Developing: Major Credit Card Security Breach Reported
It is unclear how many accounts have been affected (rumors claim up to 10-Million card numbers), but Global Payments, a credit card transaction processing company, is reporting that a data breach may have compromised debit and credit card information across all major card types. The announcement was made earlier today and a law enforcement investigation is underway.
Global Payments did not say which card companies were affected, but Visa released a statement saying that it was all of the big players.
“Visa Inc. is aware of a potential data compromise incident at a third party entity affecting card account information from all major card brands,” it said.
When a customer swipes a credit card, the data is sent to a payment processor like Global Payments, which then forwards the transaction information to card companies like Visa and MasterCard.
That’s a massive business: Global Payments processed $167.3 billion worth of transactions in its last fiscal year, which ended May 31, 2011. Global Payments specializing in serving small merchants, like mom-and-pop businesses and local retailers.
It emphasized that none of them were to blame for the data leak.
“It is crucial to understand that this incident does not involve our merchants or their relationships with their customers,” Global Payments said.
It plans to hold a conference call Monday morning to provide more details on the debacle.
‘Massive’ breach? News of the breach was first reported by the respected security blog Krebs on Security. The blog said the breach was “massive,” and could involve more than 10 million card numbers.
“I’ve spoken with folks in the card business who are seeing signs of this breach mushroom,” Gartner security analyst Avivah Litan wrote Friday in a blog post.
Her sources say the hackers have begun using some of the card data they stole, Litan added.
When payment processors get hacked, the shrapnel can spread far. The record holder for the largest-ever breach is believed to be a 2008 attack on Heartland Payment Systems, in which an estimated 130 million customer accounts were compromised.
Heartland eventually paid more than $110 million to Visa, MasterCard, American Express and other card associations to sette claims related to the breach.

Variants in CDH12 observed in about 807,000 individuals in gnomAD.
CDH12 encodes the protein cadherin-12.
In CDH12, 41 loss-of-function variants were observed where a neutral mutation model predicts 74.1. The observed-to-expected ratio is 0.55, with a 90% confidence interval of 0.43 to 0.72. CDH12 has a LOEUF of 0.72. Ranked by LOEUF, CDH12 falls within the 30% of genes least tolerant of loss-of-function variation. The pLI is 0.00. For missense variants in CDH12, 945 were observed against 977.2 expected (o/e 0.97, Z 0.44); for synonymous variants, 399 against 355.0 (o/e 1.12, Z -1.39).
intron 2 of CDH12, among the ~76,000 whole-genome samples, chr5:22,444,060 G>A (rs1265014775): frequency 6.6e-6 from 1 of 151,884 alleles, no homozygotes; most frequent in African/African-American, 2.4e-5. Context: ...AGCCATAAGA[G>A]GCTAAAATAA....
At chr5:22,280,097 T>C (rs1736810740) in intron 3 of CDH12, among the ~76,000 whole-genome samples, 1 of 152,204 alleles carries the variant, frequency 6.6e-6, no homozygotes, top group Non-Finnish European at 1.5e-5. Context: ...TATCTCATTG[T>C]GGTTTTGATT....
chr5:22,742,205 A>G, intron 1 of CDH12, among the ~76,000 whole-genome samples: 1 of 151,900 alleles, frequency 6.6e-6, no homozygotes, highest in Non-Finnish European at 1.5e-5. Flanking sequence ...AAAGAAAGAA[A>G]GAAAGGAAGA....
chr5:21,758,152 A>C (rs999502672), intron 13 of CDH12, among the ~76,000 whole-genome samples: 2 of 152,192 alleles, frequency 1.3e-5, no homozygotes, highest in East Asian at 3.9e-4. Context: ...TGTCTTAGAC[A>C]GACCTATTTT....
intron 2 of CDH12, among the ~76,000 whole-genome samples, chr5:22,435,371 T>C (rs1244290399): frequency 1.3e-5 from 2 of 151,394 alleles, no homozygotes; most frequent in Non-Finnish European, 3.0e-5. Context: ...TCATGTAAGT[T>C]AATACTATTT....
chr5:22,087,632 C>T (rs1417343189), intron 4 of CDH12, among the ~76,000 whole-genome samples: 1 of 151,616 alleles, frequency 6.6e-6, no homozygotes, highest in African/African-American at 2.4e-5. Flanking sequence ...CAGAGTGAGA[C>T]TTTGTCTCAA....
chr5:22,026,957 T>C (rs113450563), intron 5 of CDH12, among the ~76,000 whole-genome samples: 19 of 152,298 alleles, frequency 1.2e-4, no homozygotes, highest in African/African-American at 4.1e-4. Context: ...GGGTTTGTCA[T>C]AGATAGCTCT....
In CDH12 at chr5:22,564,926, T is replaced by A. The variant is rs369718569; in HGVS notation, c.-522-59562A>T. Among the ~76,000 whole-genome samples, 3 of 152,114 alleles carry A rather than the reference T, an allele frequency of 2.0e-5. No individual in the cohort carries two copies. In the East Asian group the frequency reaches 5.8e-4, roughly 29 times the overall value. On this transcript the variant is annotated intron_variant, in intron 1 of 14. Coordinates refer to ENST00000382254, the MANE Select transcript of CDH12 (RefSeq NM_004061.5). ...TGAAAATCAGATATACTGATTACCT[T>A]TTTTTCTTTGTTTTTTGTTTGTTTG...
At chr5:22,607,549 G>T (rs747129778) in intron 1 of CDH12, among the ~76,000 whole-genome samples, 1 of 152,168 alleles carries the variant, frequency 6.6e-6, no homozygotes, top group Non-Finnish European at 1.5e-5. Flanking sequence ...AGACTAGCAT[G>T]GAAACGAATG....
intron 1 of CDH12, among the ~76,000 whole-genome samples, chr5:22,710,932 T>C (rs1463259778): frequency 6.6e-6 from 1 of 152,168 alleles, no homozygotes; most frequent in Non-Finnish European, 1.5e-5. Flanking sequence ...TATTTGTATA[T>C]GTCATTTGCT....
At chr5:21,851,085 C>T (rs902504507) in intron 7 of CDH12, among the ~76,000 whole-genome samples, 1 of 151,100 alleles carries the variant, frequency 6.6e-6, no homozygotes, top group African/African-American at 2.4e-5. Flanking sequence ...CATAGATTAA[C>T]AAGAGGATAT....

In regard to the Global Payments breach, MasterCard said it has alerted payment card issuers “regarding certain MasterCard accounts that are potentially at risk.”
Visa released a statement saying it too has provided card issuers with notifications about accounts that could be affected. The issuers “can take steps to protect consumers through independent fraud monitoring and, if needed, reissuing cards,” it said.
Both MasterCard and Visa emphasized that their own networks had not been penetrated.
Discover and American Express each released short statements saying they are aware of the situation and are monitoring customer accounts for suspicious activity.
In data breach situations, credit card companies generally offer affected customers fraud monitoring services at no cost — and customers aren’t on the hook for any fraudulent charges. The card issuers themselves are responsible for those costs.
Questions about industry standards: Several security researchers said the breach is a prime example of why the current Payment Card Industry Data Security Standard (PCI-DSS) is inadequate.
“Expect to see yet another round of almost religious fervor in the debate over the real value of PCI-DSS,” Geoff Webb, director of product marketing at data-protection company Credant Technologies, said in an email.
Cybercriminals “are constantly looking for opportunities to identify and attack sites where there is a weakness in security — just like a predator looks out for the weakest member of the herd,” he added.
Litan, the Gartner analyst, is skeptical about whether the credit card industry will invest the money and time required to switch to a more secure system, like “smart cards” embedded with chips, which are used in some foreign countries.
“It’s cheaper for them to deal with these breaches than to make all those chip cards,” Litan told CNNMoney. “We’ve had all of these breaches, but there have not been any significant attempts to change the situation. The information is easy to steal, and cards are easy to use, so it’s like free money for criminals.”